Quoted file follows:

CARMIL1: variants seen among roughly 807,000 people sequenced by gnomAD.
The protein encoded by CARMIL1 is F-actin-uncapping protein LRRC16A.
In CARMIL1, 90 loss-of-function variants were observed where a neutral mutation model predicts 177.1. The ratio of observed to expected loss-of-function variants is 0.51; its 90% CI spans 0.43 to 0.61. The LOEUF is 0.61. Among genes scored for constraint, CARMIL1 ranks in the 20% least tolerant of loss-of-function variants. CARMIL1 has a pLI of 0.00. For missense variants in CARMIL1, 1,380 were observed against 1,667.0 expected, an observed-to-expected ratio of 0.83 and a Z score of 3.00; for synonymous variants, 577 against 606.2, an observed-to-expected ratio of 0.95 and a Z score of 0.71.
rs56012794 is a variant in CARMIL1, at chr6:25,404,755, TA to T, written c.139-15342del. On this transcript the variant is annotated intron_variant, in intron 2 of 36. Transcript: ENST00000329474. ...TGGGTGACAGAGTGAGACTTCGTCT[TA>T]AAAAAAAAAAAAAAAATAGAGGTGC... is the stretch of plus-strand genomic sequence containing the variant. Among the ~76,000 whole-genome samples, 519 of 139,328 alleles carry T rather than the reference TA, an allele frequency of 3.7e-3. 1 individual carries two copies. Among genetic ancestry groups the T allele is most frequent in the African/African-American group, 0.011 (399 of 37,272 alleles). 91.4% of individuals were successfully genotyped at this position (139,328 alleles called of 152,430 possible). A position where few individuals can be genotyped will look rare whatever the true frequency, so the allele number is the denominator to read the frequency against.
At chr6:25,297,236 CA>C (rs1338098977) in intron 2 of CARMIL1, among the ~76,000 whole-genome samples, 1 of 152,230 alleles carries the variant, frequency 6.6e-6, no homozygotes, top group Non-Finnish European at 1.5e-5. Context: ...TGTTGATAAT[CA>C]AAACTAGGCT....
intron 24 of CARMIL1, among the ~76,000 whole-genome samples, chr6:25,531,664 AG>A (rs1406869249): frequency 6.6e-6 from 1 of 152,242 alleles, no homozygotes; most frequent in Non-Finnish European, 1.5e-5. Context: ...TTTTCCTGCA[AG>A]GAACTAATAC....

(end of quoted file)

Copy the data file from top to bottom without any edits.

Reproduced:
CARMIL1: variants seen among roughly 807,000 people sequenced by gnomAD.
The protein encoded by CARMIL1 is F-actin-uncapping protein LRRC16A.
In CARMIL1, 90 loss-of-function variants were observed where a neutral mutation model predicts 177.1. The ratio of observed to expected loss-of-function variants is 0.51; its 90% CI spans 0.43 to 0.61. The LOEUF is 0.61. Among genes scored for constraint, CARMIL1 ranks in the 20% least tolerant of loss-of-function variants. CARMIL1 has a pLI of 0.00. For missense variants in CARMIL1, 1,380 were observed against 1,667.0 expected, an observed-to-expected ratio of 0.83 and a Z score of 3.00; for synonymous variants, 577 against 606.2, an observed-to-expected ratio of 0.95 and a Z score of 0.71.
rs56012794 is a variant in CARMIL1, at chr6:25,404,755, TA to T, written c.139-15342del. On this transcript the variant is annotated intron_variant, in intron 2 of 36. Transcript: ENST00000329474. ...TGGGTGACAGAGTGAGACTTCGTCT[TA>T]AAAAAAAAAAAAAAAATAGAGGTGC... is the stretch of plus-strand genomic sequence containing the variant. Among the ~76,000 whole-genome samples, 519 of 139,328 alleles carry T rather than the reference TA, an allele frequency of 3.7e-3. 1 individual carries two copies. Among genetic ancestry groups the T allele is most frequent in the African/African-American group, 0.011 (399 of 37,272 alleles). 91.4% of individuals were successfully genotyped at this position (139,328 alleles called of 152,430 possible). A position where few individuals can be genotyped will look rare whatever the true frequency, so the allele number is the denominator to read the frequency against.
At chr6:25,297,236 CA>C (rs1338098977) in intron 2 of CARMIL1, among the ~76,000 whole-genome samples, 1 of 152,230 alleles carries the variant, frequency 6.6e-6, no homozygotes, top group Non-Finnish European at 1.5e-5. Context: ...TGTTGATAAT[CA>C]AAACTAGGCT....
intron 24 of CARMIL1, among the ~76,000 whole-genome samples, chr6:25,531,664 AG>A (rs1406869249): frequency 6.6e-6 from 1 of 152,242 alleles, no homozygotes; most frequent in Non-Finnish European, 1.5e-5. Context: ...TTTTCCTGCA[AG>A]GAACTAATAC....